You may have seen our earlier post, the beginning of a series featuring useful and entirely practical advice for any musicians out there who want to learn how to practise better. Well, this post is just the opposite: we’ve sourced all of those dedicated-to-the-point-of-absurdity practice regimes of some of the greatest musicians ever to help you figure out just how NOT to practise.
Pop-psychology quack (or genius?) Malcolm Gladwell postulated that you need to put in 10,000 hours of practice to become a master at something. This sparked waves of controversy, mainly from not-so-amused musicians who groaned at their measly 5,000 hours. So dust off your stopwatch and read on about some of those musicians who might have taken this all-too literally.
Passage of Time Makes Perfect?
Stories of famous musicians’ ridiculously long practice routines abound, helping to create a generation of pessimistic musicians who watch the clock more than their own fingers. Supposedly, Charlie Parker practised 11-15 hours a day for 3 to 4 years. Apparently, Tom Morello found 8 hours of spare time per day to practise while studying for a degree at Harvard. Steve Vai wrote a piece for Guitar World detailing his ’30 Hour Regime’, to be executed over three days. He called it “Freak Show Excess”. Very appropriate.
Whether these stories are true or just bravado is up to you to decide, but what you can take from them is that to truly become great, it does truly take a lot of hard work. Charlie Parker always refused to acknowledge that his virtuosic abilities were the result of pure talent. He said “study is absolutely necessary, in all forms…like a good pair of shoes when you put a shine on it, you know.” We do know.
What’s also crucial is not necessarily how much you practise but how well you practise. It’s all well and good spending 10 hours a day playing the same song over and over again, but if you spent just one hour practising something more useful and worthwhile, you’d be much better off.
Pushy Parenting Makes Perfect?
The father of one of the greatest composers of all time, Johann Van Beethoven’s credentials include musician, singer, teacher and alcoholic, the latter tendency tending to result in violent outrage when young Ludwig’s playing wasn’t up to scratch. When Johann Strauss the First discovered his son practising his violin in secret, instead of working towards becoming a banker, he whipped him into shape, literally.
Contemporary classical darling Lang Lang describes how his father devised a six-hour per day practice routine for him, at just five years old, growing angry and almost violent when his teacher refused to teach him any longer. The young Gustav Mahler, at the tender and weirdly angry age of just eight, used to rest his arm on his pupil’s shoulder (yes, pupil’s) with his open hand at their cheek. At every wrong note they received a strike to the face, ensuring they never missed a beat(ing) again.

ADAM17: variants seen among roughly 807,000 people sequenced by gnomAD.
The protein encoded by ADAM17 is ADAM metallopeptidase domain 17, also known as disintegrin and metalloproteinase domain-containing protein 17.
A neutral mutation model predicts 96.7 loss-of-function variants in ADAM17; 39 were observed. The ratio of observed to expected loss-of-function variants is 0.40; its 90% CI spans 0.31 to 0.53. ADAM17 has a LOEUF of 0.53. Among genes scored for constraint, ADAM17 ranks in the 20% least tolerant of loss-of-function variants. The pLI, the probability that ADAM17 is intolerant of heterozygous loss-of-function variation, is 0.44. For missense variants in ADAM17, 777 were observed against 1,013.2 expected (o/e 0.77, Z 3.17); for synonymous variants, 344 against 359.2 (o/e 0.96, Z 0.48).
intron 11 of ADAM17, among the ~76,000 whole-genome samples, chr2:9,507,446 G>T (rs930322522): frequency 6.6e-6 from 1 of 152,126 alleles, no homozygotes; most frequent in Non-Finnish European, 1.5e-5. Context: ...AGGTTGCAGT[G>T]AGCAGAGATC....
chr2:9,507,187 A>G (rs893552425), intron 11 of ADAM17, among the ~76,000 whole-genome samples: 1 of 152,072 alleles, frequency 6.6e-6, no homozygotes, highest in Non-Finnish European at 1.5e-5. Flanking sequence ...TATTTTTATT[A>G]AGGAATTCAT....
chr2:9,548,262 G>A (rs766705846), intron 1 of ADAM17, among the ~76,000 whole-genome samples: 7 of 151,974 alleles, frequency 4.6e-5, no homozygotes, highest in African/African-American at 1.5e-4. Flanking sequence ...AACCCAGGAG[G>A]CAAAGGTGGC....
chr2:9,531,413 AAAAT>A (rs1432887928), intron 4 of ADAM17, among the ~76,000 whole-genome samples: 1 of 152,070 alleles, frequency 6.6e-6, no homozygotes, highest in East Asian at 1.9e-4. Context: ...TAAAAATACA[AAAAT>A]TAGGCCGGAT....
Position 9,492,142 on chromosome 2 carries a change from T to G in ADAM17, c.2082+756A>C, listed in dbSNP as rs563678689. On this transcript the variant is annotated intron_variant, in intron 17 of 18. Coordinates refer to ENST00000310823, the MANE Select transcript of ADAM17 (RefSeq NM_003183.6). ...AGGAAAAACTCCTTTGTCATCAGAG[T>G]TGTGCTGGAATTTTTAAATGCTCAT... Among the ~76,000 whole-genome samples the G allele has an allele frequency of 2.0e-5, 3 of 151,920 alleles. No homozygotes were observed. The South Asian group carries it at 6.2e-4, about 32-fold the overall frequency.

The violence erupting from these parents and teachers probably says more about them than the pupil’s ability. Producing aptitude and technique out of sheer fear will never be productive, as the incentive for becoming truly great should always be the simple love of music. The only enforcer of your good practice habits should be you yourself, and it’s absolutely essential that you should always want to practise, above anything else; you should never have to sacrifice something you’d rather be doing, because shouldn’t you always rather be playing music?
Perplexingly Peculiar Makes Perfect?
One of the most celebrated pianists of the last century, Glenn Gould (also renowned for his unusual posture that would make many a piano tutor weep), cultivated a great number of unorthodox practices, claiming that he learned the complete Schönberg with the radio playing at the same time. He also hummed involuntarily while playing, much to the dismay of his recording engineers, and insisted on sitting precisely fourteen inches above the floor. Avant-garde composer Erik Satie ate only white-coloured food, and was called the “laziest student in the Conservatoire” – an accolade that very few amateur musicians would aspire to. Romantic composer Anton Bruckner was obsessed with counting, making sure all of the bars in his epic symphonies made him happy, prioritising the statistically-pleasing above the aesthetically-appealing. The man’s idiosyncrasies were so out-of-the-ordinary that the violently intimidating enforcer Gustav Mahler called him “half-simpleton, half-God”.
And yet, all of the above musicians were, or are geniuses. Virtuosos of the utmost talent. So what are you to do if you’re struggling to devise your own practice routine, puzzling over the best way to spend your musical time, who are you to trust? Should violinists turn to violence? Should amateur pianists pay attention to aggressive parenting? Should you succumb to the seduction of the hourglass, counting the hours until you’ve hit those 10,000? The answer is no, find out what works best for you, and perhaps keep a look out for our Best Practice series that’ll be giving you plenty of tips from real musicians that will genuinely aid your practising.